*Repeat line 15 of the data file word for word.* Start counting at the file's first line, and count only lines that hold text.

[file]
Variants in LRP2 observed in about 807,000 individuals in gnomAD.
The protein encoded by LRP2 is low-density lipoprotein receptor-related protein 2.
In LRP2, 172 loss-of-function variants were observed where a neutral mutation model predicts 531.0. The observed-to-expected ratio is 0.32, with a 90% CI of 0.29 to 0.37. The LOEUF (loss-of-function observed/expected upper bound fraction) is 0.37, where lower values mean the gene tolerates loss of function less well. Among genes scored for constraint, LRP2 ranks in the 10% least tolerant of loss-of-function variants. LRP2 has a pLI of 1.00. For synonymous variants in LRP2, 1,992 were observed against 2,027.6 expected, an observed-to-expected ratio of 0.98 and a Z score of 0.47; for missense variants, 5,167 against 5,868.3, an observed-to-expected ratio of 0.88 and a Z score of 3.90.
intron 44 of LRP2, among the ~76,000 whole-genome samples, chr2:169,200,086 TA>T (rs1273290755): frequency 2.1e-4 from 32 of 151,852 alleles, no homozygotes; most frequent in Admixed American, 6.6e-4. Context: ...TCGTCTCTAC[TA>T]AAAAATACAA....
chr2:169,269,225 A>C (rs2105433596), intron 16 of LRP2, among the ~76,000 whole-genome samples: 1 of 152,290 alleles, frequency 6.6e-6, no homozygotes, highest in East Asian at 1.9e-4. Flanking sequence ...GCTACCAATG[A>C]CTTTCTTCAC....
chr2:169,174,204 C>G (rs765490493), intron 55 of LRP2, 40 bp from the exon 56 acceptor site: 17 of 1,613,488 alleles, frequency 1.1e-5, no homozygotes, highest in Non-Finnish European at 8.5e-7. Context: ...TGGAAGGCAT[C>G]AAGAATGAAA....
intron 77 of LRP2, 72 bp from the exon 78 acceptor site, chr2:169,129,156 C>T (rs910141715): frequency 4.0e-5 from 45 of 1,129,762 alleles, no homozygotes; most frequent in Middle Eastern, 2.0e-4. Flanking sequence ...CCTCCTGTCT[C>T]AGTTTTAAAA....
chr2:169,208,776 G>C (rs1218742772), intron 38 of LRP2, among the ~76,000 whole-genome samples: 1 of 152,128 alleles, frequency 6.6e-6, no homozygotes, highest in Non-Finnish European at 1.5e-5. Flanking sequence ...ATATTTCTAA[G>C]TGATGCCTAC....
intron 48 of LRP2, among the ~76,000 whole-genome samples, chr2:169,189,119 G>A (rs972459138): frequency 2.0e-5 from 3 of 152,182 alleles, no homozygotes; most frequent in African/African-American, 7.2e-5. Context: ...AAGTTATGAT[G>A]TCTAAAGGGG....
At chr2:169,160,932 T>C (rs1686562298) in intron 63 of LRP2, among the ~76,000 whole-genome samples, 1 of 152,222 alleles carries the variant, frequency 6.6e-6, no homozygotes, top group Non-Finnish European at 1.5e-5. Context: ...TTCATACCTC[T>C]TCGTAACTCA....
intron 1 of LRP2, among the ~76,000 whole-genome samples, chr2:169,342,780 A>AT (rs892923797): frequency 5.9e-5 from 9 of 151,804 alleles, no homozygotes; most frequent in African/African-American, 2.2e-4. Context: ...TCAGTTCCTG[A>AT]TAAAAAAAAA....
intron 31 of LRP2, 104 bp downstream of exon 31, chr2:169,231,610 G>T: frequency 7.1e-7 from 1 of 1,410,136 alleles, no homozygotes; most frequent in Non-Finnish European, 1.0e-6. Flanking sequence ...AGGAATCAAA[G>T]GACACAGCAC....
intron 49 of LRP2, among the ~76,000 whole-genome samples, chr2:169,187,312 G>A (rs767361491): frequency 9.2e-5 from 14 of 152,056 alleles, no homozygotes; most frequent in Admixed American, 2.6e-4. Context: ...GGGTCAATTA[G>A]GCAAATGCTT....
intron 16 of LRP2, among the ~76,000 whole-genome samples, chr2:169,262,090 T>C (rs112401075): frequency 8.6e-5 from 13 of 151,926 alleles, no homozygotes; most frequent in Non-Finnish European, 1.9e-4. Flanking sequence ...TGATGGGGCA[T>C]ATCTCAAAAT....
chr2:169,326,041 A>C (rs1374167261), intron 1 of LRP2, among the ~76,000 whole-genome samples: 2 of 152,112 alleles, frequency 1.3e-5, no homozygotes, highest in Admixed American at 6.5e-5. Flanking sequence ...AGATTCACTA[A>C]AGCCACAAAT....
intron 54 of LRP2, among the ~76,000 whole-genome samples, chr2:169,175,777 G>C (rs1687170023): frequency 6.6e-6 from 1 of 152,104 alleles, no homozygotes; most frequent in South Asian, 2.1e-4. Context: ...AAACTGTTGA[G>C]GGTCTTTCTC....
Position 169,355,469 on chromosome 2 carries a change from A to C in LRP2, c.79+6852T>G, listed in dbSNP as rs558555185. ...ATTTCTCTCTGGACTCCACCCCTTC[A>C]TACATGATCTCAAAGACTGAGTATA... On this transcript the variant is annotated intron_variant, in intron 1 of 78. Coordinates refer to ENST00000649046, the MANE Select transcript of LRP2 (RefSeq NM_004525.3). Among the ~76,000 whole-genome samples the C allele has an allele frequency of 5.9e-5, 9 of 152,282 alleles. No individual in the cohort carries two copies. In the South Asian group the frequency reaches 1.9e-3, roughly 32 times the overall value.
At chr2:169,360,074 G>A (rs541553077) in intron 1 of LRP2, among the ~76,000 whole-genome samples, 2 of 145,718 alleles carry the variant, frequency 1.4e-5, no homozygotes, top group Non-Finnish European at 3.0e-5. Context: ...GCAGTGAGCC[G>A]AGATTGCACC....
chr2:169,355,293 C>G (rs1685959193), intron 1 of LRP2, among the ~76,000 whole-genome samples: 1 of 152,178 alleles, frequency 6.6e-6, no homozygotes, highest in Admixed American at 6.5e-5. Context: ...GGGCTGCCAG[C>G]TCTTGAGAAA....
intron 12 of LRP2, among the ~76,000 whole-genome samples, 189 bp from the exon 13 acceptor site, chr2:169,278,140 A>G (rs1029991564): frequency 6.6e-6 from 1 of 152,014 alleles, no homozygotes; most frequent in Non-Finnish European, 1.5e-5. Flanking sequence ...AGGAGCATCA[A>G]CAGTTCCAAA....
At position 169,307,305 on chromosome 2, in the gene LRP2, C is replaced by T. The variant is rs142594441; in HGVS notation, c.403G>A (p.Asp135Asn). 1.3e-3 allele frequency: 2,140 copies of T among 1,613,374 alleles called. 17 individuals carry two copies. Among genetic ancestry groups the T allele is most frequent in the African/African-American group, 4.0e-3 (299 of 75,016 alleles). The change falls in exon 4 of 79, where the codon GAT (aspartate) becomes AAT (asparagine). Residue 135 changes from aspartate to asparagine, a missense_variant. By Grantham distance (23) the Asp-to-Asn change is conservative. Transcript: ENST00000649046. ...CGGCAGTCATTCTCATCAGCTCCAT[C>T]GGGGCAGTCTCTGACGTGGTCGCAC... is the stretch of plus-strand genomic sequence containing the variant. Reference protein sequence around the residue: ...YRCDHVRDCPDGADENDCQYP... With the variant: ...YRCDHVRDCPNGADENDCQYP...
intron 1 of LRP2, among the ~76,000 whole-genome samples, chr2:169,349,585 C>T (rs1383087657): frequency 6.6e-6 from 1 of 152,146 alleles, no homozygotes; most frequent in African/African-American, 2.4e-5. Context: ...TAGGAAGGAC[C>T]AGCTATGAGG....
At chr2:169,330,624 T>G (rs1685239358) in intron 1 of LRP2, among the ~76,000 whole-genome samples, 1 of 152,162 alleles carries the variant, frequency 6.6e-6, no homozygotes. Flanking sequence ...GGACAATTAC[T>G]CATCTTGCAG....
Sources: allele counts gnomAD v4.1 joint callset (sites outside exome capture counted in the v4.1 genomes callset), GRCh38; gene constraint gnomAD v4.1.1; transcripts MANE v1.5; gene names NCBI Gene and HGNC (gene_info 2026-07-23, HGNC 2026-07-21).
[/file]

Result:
chr2:169,326,041 A>C (rs1374167261), intron 1 of LRP2, among the ~76,000 whole-genome samples: 2 of 152,112 alleles, frequency 1.3e-5, no homozygotes, highest in Admixed American at 6.5e-5. Flanking sequence ...AGATTCACTA[A>C]AGCCACAAAT....